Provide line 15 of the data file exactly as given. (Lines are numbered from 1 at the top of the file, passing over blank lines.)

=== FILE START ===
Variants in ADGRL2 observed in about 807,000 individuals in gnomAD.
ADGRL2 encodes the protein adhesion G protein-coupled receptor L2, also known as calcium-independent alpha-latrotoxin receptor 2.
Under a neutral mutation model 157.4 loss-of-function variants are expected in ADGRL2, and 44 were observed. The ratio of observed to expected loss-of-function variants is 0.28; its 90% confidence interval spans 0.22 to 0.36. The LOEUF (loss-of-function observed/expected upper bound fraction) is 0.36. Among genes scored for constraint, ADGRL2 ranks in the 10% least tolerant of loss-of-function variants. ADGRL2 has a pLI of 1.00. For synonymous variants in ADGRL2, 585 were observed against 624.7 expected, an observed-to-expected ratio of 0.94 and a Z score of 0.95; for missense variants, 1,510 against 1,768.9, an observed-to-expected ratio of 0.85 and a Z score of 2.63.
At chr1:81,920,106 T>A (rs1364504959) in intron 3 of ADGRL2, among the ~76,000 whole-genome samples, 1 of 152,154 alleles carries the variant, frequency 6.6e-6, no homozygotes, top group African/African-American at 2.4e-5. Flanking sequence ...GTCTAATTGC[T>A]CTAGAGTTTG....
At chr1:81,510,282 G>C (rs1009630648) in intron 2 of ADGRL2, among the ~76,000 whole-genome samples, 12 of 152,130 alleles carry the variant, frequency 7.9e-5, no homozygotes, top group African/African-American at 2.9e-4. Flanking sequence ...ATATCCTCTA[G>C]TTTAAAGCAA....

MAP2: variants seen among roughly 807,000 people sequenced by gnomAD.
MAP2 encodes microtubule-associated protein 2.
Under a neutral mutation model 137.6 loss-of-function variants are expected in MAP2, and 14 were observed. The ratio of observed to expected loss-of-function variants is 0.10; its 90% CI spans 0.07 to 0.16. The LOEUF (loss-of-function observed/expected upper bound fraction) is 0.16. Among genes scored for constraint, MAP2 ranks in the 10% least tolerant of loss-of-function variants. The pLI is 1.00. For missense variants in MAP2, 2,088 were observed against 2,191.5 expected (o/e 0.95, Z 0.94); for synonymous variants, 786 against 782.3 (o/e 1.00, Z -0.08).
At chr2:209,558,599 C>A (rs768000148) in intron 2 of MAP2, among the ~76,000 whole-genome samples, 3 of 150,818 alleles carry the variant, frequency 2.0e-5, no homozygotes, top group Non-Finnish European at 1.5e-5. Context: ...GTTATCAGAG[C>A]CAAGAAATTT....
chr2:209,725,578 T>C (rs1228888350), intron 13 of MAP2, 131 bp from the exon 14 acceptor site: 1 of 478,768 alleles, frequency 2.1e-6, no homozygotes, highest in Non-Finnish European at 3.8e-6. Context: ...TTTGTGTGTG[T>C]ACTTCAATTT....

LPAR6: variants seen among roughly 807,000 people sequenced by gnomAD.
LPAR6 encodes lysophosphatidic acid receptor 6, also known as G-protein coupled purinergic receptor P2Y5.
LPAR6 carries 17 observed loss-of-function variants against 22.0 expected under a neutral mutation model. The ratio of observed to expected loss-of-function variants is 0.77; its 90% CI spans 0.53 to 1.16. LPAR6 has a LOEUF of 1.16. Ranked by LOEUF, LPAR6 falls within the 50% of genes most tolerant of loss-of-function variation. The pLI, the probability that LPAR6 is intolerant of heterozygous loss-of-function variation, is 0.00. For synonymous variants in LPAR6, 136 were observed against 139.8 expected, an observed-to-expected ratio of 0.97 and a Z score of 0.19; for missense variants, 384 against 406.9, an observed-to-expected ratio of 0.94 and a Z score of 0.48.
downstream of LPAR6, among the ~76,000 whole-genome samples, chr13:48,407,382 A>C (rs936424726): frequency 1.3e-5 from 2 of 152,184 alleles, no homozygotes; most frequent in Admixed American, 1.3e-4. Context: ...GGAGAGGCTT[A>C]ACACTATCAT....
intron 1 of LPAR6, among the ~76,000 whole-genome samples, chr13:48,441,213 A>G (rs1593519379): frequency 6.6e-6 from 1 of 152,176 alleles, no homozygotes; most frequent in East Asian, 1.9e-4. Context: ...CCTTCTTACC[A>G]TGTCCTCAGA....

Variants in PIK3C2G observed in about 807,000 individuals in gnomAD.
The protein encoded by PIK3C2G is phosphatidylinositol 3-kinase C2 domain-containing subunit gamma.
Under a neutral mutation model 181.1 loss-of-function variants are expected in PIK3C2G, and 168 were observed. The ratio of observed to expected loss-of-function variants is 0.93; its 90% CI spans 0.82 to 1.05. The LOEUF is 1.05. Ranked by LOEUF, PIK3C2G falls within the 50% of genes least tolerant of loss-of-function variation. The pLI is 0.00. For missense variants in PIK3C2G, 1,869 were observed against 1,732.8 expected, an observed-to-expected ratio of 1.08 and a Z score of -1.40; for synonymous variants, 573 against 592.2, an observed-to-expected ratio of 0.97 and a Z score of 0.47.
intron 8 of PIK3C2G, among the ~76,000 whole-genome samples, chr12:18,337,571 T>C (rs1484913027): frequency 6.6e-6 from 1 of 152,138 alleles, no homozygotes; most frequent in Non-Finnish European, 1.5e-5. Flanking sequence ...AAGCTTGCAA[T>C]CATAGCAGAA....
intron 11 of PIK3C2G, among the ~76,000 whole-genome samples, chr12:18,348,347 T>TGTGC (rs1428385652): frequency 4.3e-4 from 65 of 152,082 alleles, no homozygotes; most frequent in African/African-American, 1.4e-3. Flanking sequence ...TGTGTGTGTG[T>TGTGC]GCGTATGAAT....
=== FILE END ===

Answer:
intron 1 of LPAR6, among the ~76,000 whole-genome samples, chr13:48,441,213 A>G (rs1593519379): frequency 6.6e-6 from 1 of 152,176 alleles, no homozygotes; most frequent in East Asian, 1.9e-4. Context: ...CCTTCTTACC[A>G]TGTCCTCAGA....